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A partition is like a division of your hard drive.  The operating system views all the partitions as separate drives, but they are actually just one (or more) divided into separate parts.  They act separately, too, so you can format an entire partition without formatting the whole drive.  I don't know what makes a primary partition primary, but you can only install Windows to a primary partition.  One of these will be assigned the 'boot' partition, which is the default OS.  Any other partition is a secondary partition, and there is nothing special about them.  

 

for the most part you wont have to change any of these partition types, except maybe which primary partition you want to be 'boot'.  This can be done by clicking Start, and typing "msconfig" into the search bar and pressing enter.  Click on the "Boot" tab and you can see all the OSs installed on your system.  To make a partition 'boot', select the OS installed to it and click "set as default".  I believe that if there is linux on a secondary partition, then you CAN make the secondary partition boot.  Can anyone verify this?

You got Pwnd
March 10, 2010
9:16 PM
Ramesh Kumar
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Pwnana said:

A partition is like a division of your hard drive.  The operating system views all the partitions as separate drives, but they are actually just one (or more) divided into separate parts.  They act separately, too, so you can format an entire partition without formatting the whole drive.  I don't know what makes a primary partition primary, but you can only install Windows to a primary partition.  One of these will be assigned the 'boot' partition, which is the default OS.  Any other partition is a secondary partition, and there is nothing special about them.  

 

for the most part you wont have to change any of these partition types, except maybe which primary partition you want to be 'boot'.  This can be done by clicking Start, and typing "msconfig" into the search bar and pressing enter.  Click on the "Boot" tab and you can see all the OSs installed on your system.  To make a partition 'boot', select the OS installed to it and click "set as default".  I believe that if there is linux on a secondary partition, then you CAN make the secondary partition boot.  Can anyone verify this?


 

Thanks friend! Smile I got it. 

Man you have a very sharp brain

Ramesh Smile

 

March 10, 2010
9:20 PM
Ramesh Kumar
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Any good html link you can provide which explains the concept of primary & secondary? Smile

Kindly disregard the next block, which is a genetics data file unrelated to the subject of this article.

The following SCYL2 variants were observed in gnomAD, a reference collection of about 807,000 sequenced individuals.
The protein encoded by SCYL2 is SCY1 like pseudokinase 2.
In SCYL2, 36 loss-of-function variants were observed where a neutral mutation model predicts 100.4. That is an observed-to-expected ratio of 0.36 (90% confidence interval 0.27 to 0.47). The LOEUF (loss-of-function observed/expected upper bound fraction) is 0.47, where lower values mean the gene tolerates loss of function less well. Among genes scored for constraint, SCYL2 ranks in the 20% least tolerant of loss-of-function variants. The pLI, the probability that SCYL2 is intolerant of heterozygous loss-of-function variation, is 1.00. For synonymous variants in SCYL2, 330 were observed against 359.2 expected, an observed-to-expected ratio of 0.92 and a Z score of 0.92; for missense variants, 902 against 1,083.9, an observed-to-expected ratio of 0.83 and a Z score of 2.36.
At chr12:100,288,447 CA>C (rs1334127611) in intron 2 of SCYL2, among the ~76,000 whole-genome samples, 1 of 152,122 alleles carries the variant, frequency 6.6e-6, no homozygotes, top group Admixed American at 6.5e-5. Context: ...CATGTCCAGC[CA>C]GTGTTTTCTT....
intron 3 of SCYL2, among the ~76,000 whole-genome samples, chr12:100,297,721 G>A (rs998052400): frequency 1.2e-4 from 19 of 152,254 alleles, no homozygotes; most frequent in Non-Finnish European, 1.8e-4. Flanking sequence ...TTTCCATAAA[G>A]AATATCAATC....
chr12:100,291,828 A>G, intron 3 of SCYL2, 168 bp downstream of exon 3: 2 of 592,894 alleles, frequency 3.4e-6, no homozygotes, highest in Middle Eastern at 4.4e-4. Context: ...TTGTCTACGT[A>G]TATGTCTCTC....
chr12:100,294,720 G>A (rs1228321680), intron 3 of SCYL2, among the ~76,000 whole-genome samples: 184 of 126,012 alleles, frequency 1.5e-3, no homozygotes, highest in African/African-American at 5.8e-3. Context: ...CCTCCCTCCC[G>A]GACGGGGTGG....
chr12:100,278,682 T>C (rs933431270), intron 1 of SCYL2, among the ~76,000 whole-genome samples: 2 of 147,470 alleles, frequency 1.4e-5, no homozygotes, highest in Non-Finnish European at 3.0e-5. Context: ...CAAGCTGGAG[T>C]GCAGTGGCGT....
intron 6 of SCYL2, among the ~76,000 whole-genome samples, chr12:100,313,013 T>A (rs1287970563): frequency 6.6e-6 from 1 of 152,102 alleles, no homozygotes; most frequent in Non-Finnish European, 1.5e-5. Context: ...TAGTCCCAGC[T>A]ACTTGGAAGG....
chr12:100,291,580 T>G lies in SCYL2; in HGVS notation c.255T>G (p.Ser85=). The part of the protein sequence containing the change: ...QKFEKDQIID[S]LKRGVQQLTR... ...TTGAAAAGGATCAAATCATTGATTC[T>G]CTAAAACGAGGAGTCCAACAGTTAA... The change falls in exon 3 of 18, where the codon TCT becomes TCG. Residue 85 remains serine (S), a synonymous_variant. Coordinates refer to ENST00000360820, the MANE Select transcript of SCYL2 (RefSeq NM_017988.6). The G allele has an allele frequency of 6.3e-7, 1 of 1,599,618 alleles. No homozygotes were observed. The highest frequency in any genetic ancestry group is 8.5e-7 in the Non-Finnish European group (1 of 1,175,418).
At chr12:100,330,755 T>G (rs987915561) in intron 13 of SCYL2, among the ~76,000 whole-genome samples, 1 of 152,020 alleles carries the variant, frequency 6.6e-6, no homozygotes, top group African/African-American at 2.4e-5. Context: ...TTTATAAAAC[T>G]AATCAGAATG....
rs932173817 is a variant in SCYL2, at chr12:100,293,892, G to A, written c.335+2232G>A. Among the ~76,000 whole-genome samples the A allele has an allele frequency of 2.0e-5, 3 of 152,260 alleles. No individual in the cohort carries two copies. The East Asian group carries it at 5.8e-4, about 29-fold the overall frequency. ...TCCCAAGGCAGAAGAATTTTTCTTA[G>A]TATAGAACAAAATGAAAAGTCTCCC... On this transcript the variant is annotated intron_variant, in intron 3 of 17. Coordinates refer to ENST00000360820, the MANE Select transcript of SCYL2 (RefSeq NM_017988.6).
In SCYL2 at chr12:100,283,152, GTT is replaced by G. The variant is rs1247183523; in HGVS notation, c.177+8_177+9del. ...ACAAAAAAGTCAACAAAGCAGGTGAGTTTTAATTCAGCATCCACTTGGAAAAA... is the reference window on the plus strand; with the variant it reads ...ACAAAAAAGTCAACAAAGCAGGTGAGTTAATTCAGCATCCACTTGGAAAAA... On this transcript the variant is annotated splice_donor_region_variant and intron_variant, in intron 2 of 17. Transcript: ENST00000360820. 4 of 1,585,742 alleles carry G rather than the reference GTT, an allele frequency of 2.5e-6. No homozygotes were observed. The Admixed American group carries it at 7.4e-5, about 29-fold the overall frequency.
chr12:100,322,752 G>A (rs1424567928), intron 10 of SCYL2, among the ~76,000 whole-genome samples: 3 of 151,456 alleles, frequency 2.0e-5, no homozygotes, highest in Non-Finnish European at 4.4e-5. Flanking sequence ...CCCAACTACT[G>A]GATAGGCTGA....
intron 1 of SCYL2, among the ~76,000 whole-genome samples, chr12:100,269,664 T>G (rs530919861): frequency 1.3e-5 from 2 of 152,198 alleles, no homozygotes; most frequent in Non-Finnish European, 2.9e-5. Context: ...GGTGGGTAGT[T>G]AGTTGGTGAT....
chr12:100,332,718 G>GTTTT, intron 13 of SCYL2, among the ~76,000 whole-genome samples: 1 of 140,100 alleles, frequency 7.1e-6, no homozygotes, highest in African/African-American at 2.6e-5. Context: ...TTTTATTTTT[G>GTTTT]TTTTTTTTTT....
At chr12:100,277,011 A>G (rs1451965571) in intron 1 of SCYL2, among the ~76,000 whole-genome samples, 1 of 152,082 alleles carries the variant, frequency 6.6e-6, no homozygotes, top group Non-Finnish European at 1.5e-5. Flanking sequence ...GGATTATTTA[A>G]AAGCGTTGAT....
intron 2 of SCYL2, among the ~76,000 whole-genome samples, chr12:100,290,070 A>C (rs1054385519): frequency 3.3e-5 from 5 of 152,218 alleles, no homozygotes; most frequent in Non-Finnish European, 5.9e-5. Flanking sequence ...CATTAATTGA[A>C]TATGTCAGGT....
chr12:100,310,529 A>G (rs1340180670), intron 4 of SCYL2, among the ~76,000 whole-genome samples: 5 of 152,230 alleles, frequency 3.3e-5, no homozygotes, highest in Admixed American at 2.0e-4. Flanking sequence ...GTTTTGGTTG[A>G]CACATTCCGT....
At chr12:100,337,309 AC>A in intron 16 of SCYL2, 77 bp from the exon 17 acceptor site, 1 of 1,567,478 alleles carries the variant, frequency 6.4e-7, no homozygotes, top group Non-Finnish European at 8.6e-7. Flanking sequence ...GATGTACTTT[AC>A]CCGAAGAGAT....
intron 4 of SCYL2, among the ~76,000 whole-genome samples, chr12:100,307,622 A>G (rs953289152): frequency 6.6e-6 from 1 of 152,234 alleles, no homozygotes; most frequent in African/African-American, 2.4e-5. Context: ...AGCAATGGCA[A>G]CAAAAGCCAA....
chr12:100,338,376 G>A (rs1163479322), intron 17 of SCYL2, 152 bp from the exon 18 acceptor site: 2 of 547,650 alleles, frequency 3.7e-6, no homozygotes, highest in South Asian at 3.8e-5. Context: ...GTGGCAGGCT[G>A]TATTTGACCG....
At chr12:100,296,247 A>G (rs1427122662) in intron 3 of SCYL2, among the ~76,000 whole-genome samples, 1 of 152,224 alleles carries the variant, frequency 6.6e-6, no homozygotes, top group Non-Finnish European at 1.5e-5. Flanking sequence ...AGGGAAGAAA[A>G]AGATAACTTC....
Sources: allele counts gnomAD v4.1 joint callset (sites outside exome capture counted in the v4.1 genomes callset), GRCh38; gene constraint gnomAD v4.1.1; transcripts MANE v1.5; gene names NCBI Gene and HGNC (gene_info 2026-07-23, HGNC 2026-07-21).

Also is the OS partition what is know as Master Boot? In another thread (Steeler6 System Dump thread) you had pointed out that only 2 things are not related to Windows OS issue:-

  1. Master Boot
  2. Bios

Ramesh Smile

March 13, 2010
5:40 PM
Pwnana
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The Master Boot Record is a very tiny partition that comes first on a partitioned hard drive using the (very aptly named) Master Boot Record Partition scheme.  The MBR is like the directory of your hard-drive; it contains all the locations and sizes of partitions and bootable OSs.  It is used by most OSi (mixing it up =P) and is installed outside of any OS, so it is independent from Windows(etc.).  

Im gonna try one last time, but you should just read the links below, they actually know what they're talking about.  A physical hard drive can be split into only 4 partitions.  These are the primary partitions.  One of these primaries will be flagged "active" or "boot" and will contain the default OS (and a few other things, I think).  These 4 partitions can be split into 22* extended (secondary) partitions.  However, these secondary partitions can act separately from the primary partitions on which they reside.  

*I assume 22: 1 for each letter of the alphabet minus the 4 for the primary partitions.  

http://en.wikipedia.org/wiki/Primary_partition

http://www.pcguide.com/ref/hdd/file/structPartitions-c.html

You got Pwnd
March 13, 2010
9:44 PM
Locutus
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Actually, way more than 22 I think.  Only Windows uses drive LETTERS.  Linux, etc use numbers.

Oh, the site that was :(
March 14, 2010
1:18 AM
Ramesh Kumar
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Thanks Pwnana & Locutus. Got it. I'll also read the html links

Ramesh Smile